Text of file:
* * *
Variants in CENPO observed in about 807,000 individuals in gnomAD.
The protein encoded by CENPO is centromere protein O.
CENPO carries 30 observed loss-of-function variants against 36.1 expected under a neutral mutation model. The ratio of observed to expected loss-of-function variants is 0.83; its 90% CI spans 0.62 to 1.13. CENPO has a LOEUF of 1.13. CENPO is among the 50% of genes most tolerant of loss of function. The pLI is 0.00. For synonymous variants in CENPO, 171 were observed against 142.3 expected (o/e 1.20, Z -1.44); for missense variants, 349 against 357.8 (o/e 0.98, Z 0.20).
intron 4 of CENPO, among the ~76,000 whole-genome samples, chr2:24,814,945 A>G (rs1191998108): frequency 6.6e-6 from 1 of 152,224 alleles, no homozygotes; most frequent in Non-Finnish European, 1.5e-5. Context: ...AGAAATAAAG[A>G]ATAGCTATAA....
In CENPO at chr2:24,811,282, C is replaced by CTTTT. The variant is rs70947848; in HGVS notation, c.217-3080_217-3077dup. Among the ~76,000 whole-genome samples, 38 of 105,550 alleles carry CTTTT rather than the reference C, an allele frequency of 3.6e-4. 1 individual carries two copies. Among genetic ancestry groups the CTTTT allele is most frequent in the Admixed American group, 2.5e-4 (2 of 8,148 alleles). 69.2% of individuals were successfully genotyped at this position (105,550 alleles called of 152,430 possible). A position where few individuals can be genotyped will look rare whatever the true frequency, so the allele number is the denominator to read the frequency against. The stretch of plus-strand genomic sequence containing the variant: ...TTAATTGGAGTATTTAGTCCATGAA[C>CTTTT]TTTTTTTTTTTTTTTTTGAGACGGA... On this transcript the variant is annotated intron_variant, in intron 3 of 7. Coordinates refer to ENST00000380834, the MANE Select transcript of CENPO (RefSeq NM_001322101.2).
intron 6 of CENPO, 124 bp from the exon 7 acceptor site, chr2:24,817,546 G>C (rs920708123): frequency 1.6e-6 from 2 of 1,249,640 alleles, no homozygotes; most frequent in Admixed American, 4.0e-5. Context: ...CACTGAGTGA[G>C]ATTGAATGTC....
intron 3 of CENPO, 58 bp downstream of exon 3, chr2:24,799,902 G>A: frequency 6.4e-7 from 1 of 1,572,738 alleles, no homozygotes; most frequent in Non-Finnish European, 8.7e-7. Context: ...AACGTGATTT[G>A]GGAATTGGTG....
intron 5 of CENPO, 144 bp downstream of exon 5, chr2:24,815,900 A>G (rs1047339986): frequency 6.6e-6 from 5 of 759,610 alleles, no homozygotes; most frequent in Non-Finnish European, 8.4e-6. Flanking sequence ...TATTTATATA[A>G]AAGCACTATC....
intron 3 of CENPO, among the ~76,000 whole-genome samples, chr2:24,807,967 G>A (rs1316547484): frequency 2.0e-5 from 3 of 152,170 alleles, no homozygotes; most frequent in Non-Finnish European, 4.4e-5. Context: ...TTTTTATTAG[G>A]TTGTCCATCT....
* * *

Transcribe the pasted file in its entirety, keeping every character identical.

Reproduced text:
Variants in CENPO observed in about 807,000 individuals in gnomAD.
The protein encoded by CENPO is centromere protein O.
CENPO carries 30 observed loss-of-function variants against 36.1 expected under a neutral mutation model. The ratio of observed to expected loss-of-function variants is 0.83; its 90% CI spans 0.62 to 1.13. CENPO has a LOEUF of 1.13. CENPO is among the 50% of genes most tolerant of loss of function. The pLI is 0.00. For synonymous variants in CENPO, 171 were observed against 142.3 expected (o/e 1.20, Z -1.44); for missense variants, 349 against 357.8 (o/e 0.98, Z 0.20).
intron 4 of CENPO, among the ~76,000 whole-genome samples, chr2:24,814,945 A>G (rs1191998108): frequency 6.6e-6 from 1 of 152,224 alleles, no homozygotes; most frequent in Non-Finnish European, 1.5e-5. Context: ...AGAAATAAAG[A>G]ATAGCTATAA....
In CENPO at chr2:24,811,282, C is replaced by CTTTT. The variant is rs70947848; in HGVS notation, c.217-3080_217-3077dup. Among the ~76,000 whole-genome samples, 38 of 105,550 alleles carry CTTTT rather than the reference C, an allele frequency of 3.6e-4. 1 individual carries two copies. Among genetic ancestry groups the CTTTT allele is most frequent in the Admixed American group, 2.5e-4 (2 of 8,148 alleles). 69.2% of individuals were successfully genotyped at this position (105,550 alleles called of 152,430 possible). A position where few individuals can be genotyped will look rare whatever the true frequency, so the allele number is the denominator to read the frequency against. The stretch of plus-strand genomic sequence containing the variant: ...TTAATTGGAGTATTTAGTCCATGAA[C>CTTTT]TTTTTTTTTTTTTTTTTGAGACGGA... On this transcript the variant is annotated intron_variant, in intron 3 of 7. Coordinates refer to ENST00000380834, the MANE Select transcript of CENPO (RefSeq NM_001322101.2).
intron 6 of CENPO, 124 bp from the exon 7 acceptor site, chr2:24,817,546 G>C (rs920708123): frequency 1.6e-6 from 2 of 1,249,640 alleles, no homozygotes; most frequent in Admixed American, 4.0e-5. Context: ...CACTGAGTGA[G>C]ATTGAATGTC....
intron 3 of CENPO, 58 bp downstream of exon 3, chr2:24,799,902 G>A: frequency 6.4e-7 from 1 of 1,572,738 alleles, no homozygotes; most frequent in Non-Finnish European, 8.7e-7. Context: ...AACGTGATTT[G>A]GGAATTGGTG....
intron 5 of CENPO, 144 bp downstream of exon 5, chr2:24,815,900 A>G (rs1047339986): frequency 6.6e-6 from 5 of 759,610 alleles, no homozygotes; most frequent in Non-Finnish European, 8.4e-6. Flanking sequence ...TATTTATATA[A>G]AAGCACTATC....
intron 3 of CENPO, among the ~76,000 whole-genome samples, chr2:24,807,967 G>A (rs1316547484): frequency 2.0e-5 from 3 of 152,170 alleles, no homozygotes; most frequent in Non-Finnish European, 4.4e-5. Context: ...TTTTTATTAG[G>A]TTGTCCATCT....